1911 Encyclopædia Britannica/Rochet
ROCHET (Lat. rochettum, from the late Lat. roccus, connected with the O.H.Ger. roch, roc and the A.S. rocc; Fr. rochet, Ital. rocchetto, Sp. roquete, Ger. Rochett, Chorkleid), an ecclesiastical vestment. In the Roman Catholic Church the rochet is a tunic of white, and usually fine linen or muslin (battiste, mull) reaching about to the knee, and distinguished from the surplice by the fact that its arms are narrow and tight-fitting. The lower edge and the sleeves are usually garnished with lace, lined with violet or red silk in the case of prelates, or—more rarely—with embroidered borders.
The rochet is proper to, and distinctive of, prelates and bishops: but the right to wear it is sometimes granted by the pope to others, especially the canons of cathedral churches. It is not a vestis sacra, and cannot therefore be used as a substitute for the surplice, e.g. in the administering of the Sacraments (Decree of the Congregation of Rites of jan. 10, 1852). None the less, since it is used at choir services and is ordered to be worn over the everyday dress at Mass (Missa rom. Rit. celebr. i. 2), it may be included among liturgical vestments in the widest sense.
The earliest notice of the use of the rochet is found in an inventory of the vestments of the Roman clergy, dating from the 9th century. In this it is called camisia, a name which it retained at Rome until the 14th century, and it seems to have been already at that time proper to particular members of the clergy. Other Roman names for the vestment were succa, sucta; it was not till the 14th century that the name rochettum appeared at Rome, but it was not long before it had superseded all the native designations. Outside Rome, too, the vestment is early met with, e.g. in the Frankish empire (9th century) as alba clerical is, in contradistinction to the liturgical alb, and in England (10th century) under the name of oferslip in the 46th canon of the ecclesiastical laws of Edgar. At the beginning of the 12th century the rochet is mentioned, under the name of camisia, by Gilbert of Limerick and by Honorius, and, somewhat later, by Gerloh of Reichersperg as tunica talaris. From the 13th century onward it is frequently mentioned. The name rochettum is first traceable in England; in Germany and northern France the rochet was also called saroht (sarrotus) or sarcos (sarcotium).
Outside Rome the rochet was, until well into the 14th century, a vestment common to all the clergy, and especially to those of the lower orders; and so it remained, in general, until the 16th century, and even, here and there, so late as the 19th. Moreover, in further contradistinction to the, Roman use, it had—especially in the German dioceses—a liturgical character, being used instead of the surplice.
The rochet was originally a robe-like tunic, and was therefore girdled, like the liturgical alb. So late as 1260 the provincial synod of Cologne decreed that the vestis camisialis must be long enough entirely to cover the everyday dress. A good example of the camisia of the 12th century is the rochet of Thomas Becket, preserved at Dammartin in the Pas de Calais, the only surviving medieval example remarkable for the pleating which, as was the case with albs also, gave greater breadth and more elaborate folds. In the 15th century the rochet only reached half-way down the shin; in the 16th and 17th to the knee; in the 18th and 19th often only to the middle of the thigh. In the middle ages it was always plain. The rochet is unknown in the Eastern Churches. (J. Bra.)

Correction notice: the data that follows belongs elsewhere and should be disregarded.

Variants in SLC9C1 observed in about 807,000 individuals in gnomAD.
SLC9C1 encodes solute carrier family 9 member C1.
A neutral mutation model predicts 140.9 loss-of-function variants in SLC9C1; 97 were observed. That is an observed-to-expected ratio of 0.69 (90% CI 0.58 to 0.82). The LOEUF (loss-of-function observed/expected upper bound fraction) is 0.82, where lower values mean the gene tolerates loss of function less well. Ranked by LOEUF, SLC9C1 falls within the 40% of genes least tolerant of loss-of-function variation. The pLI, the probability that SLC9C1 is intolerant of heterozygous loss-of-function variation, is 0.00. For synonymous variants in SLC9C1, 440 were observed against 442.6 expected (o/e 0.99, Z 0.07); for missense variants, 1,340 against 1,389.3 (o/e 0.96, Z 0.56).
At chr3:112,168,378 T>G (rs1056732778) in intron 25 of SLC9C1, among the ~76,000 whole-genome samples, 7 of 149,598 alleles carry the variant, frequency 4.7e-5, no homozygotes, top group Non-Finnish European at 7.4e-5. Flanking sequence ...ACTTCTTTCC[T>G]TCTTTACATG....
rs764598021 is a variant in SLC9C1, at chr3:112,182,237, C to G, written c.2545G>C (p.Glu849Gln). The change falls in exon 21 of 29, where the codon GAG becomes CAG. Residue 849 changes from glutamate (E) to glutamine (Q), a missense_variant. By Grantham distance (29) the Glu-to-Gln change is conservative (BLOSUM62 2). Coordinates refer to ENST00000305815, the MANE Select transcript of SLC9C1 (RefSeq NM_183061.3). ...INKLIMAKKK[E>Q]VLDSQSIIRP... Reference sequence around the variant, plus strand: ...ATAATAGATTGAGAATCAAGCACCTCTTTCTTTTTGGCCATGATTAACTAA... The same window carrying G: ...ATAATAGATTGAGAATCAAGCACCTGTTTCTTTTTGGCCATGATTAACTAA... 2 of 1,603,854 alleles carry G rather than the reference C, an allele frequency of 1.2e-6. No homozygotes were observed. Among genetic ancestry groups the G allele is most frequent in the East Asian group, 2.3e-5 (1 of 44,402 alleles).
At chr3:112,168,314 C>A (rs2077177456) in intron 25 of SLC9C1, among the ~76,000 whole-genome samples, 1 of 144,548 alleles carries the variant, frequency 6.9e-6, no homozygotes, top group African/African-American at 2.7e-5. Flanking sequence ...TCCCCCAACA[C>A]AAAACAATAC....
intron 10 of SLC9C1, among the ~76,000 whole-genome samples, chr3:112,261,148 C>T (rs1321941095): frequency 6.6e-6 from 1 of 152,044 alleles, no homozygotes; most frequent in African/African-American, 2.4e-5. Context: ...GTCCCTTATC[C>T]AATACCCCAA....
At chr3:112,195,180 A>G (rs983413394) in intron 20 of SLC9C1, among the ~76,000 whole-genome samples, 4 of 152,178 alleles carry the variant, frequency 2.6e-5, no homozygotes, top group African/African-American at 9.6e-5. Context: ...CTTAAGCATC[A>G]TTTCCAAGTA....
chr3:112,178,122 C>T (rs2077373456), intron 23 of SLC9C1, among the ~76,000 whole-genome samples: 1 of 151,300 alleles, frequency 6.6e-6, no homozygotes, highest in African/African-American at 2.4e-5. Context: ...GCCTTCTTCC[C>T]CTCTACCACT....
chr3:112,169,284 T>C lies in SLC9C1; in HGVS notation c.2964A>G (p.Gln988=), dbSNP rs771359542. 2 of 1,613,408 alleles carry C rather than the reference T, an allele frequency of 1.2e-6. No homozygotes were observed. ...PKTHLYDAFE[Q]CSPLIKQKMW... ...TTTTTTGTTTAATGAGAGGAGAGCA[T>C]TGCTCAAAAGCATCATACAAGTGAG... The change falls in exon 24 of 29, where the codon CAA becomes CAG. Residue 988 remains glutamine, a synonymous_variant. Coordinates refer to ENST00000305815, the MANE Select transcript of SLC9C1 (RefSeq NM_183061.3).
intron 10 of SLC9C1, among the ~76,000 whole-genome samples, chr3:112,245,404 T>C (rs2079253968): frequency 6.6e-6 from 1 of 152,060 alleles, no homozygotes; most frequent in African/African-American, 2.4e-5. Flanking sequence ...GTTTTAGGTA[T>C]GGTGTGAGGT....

Church of England.—In the English Church the rochet is a vestment peculiar to bishops, and is worn by them, with the chimere (q.v.) both “at all times of their ministration” in church and also on ceremonial occasions outside, e.g. in the House of Lords or at a royal levee. In general it has retained the medieval form more closely than the Roman rochet, in so far as it is of plain, very fine linen (lawn), and reaches almost to the feet. The main modifications have been in the sleeves. At the time of the Reformation these were still narrow, though already showing a tendency to expand. The portrait of Archbishop Warham at Lambeth, for instance, shows a rochet with fairly wide sleeves narrowing towards the wrists, where they are confined by fur cuffs. This fashion continued until, in the 17th century, the sleeves became much fuller; but it was not till the 18th century that they developed into the familiar exaggerated balloon shape, confined at the wrists by a ribbon, beyond which a ruffle projected. About the same period, too, arose the custom of making the rochet sleeveless and attaching the “lawn sleeves” to the chimere. This fashion survived throughout most of the 19th century, but there has since been tendency to revert to the earlier less exaggerated form, and the sleeves have been reattached to the rochet. The ribbon by which the wrist is confined is black, except when convocation robes are worn, when it is scarlet. The rochet is worn without the chimere under the cope by those bishops who use this vestment. At his consecration the bishop-elect is, according to the rubric, presented to the consecrating bishops vested in a rochet only; after the “laying on of hands” he retires and puts on “the rest of the episcopal habit,” i.e. the chimere. (W. A. P.)